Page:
I’m a huge fan of the work of Tom Robbins. Another Roadside Attraction is my favorite, although I’d probably argue Even Cowgirls Get the Blues is his best. Recently, I started re-reading – for the third or fourth time – Jitterbug Perfume.
A brief synopsis: Jitterbug Perfume is an epic tale that connects the desire of an ancient, pagan king to thumb his nose at death to the activities of a group of modern perfumers making an effort to create the ultimate natural scent. Scent is the center around which the rest of this novel works, whether’s it’s the incense of Kudra, the earthy odor of Pan or the jasmine that permeates the modern scenes. It’s all about odor.
So I get about 75 pages in, enjoying the read, catching those little things you sometimes miss on earlier reads because you’re caught up in the tale or because you were a less mature reader last time around. Then it hits me: My developing novel doesn’t stink. Which is a bad thing.
I realized that, through all the work I’ve done setting scenes, drawing the reader in, giving them that vital mental picture, I’ve pretty much completely ignored one of the five senses: smell. There’s a church scene where smell comes up, and there’s a specific scene where the change of odor in the room is a hint that someone’s broken in. But that’s it. I’ve set a novel in rural Indiana, in the middle of a bunch of cornfields, yet never mentioned the smell of fertilizer, cow shit, tractor grease, outdoor cookouts, that fresh, breezy smell of the early rural morning. I’ve got a Grandma getting down in the kitchen, but I never mention the odor of butter, baked bread, cooked corn, greasy ham, nothing. I even have a character who smokes weed, yet never mention that distinctive, skunky smell.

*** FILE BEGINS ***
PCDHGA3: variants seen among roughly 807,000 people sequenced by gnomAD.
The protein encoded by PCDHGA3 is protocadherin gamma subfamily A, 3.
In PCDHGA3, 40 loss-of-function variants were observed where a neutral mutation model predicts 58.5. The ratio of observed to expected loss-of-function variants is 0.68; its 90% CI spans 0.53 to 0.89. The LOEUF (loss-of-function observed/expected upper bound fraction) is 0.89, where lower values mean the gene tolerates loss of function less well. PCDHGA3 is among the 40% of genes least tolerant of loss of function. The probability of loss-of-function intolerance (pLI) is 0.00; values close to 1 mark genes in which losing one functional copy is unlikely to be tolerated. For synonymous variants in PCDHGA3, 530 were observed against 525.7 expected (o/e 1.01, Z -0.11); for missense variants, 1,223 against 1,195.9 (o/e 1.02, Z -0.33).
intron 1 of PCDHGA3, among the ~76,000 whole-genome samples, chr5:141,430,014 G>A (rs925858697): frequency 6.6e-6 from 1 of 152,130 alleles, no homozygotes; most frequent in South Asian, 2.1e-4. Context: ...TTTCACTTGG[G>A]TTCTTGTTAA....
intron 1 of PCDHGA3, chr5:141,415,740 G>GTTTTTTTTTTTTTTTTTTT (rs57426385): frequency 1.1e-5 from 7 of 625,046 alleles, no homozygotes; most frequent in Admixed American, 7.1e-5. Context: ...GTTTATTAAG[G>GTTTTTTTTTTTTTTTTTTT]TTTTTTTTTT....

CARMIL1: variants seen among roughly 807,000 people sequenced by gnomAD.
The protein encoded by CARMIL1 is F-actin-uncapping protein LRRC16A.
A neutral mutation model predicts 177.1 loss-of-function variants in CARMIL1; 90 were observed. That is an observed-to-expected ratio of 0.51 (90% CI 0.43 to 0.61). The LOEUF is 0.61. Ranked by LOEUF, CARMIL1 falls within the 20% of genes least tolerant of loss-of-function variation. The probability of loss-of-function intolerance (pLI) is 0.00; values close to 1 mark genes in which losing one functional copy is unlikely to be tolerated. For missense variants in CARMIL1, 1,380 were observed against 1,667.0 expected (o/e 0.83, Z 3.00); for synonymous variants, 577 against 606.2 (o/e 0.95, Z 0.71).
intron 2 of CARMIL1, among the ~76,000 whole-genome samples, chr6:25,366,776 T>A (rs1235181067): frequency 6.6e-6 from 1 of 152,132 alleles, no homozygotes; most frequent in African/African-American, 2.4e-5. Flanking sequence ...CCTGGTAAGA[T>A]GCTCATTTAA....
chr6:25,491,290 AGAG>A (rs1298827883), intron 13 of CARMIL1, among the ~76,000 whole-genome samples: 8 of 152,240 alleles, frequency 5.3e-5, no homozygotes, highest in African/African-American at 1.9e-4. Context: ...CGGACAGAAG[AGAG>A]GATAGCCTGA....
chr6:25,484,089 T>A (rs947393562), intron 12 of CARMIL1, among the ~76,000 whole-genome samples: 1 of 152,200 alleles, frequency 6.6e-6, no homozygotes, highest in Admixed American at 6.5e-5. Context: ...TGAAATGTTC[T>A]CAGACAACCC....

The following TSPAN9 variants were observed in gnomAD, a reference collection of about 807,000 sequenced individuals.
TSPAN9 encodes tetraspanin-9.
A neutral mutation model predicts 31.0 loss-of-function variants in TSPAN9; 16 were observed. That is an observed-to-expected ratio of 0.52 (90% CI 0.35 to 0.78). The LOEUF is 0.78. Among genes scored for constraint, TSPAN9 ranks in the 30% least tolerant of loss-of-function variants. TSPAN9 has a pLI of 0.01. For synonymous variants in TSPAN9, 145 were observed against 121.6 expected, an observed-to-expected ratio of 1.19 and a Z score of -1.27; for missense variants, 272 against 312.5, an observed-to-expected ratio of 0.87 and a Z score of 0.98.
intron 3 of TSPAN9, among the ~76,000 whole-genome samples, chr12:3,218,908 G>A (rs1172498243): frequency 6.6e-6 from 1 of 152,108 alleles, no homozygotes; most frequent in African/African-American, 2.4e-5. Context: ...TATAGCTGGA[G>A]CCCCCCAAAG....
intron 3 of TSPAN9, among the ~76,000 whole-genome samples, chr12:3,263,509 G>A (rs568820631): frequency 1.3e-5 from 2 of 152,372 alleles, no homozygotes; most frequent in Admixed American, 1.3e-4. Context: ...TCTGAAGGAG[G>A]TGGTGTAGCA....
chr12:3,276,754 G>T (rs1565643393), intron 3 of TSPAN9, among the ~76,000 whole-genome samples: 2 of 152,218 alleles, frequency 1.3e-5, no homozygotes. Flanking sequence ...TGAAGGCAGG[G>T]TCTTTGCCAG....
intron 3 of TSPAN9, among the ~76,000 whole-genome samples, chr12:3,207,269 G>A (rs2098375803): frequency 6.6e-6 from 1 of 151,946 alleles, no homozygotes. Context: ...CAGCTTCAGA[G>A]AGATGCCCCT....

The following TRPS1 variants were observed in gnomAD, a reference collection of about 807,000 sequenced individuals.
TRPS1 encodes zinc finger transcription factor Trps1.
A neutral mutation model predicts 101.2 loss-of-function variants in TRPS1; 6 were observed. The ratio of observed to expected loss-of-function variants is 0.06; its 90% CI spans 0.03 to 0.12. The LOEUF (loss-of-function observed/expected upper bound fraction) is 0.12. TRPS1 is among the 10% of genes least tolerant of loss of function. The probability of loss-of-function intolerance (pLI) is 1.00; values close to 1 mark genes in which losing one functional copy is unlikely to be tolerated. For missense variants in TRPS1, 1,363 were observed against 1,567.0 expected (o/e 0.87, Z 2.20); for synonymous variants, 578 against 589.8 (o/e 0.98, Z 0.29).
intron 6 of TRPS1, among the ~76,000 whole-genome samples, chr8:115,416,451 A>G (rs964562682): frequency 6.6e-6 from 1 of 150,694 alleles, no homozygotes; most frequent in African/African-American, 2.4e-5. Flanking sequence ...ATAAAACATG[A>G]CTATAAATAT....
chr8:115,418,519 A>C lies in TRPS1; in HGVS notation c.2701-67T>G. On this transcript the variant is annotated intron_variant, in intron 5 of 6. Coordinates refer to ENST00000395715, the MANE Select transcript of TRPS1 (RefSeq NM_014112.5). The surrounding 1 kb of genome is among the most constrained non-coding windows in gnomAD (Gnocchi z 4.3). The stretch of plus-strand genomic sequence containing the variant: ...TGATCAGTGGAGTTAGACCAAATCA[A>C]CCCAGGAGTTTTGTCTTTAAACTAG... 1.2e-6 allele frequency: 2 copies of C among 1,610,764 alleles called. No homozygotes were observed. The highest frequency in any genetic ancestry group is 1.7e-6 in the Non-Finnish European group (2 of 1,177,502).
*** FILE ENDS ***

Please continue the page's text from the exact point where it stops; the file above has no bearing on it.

I don’t know why, is the thing that’s driving me nuts. I understand the power of smell, the power it has for me, particularly when it comes to nostalgia or a sense of place. How did I pretty much completely ignore that?
Perhaps I should focus on the positive, that I caught it now, while still in the developmental/writing stages. I’ll just call it a win, and move on.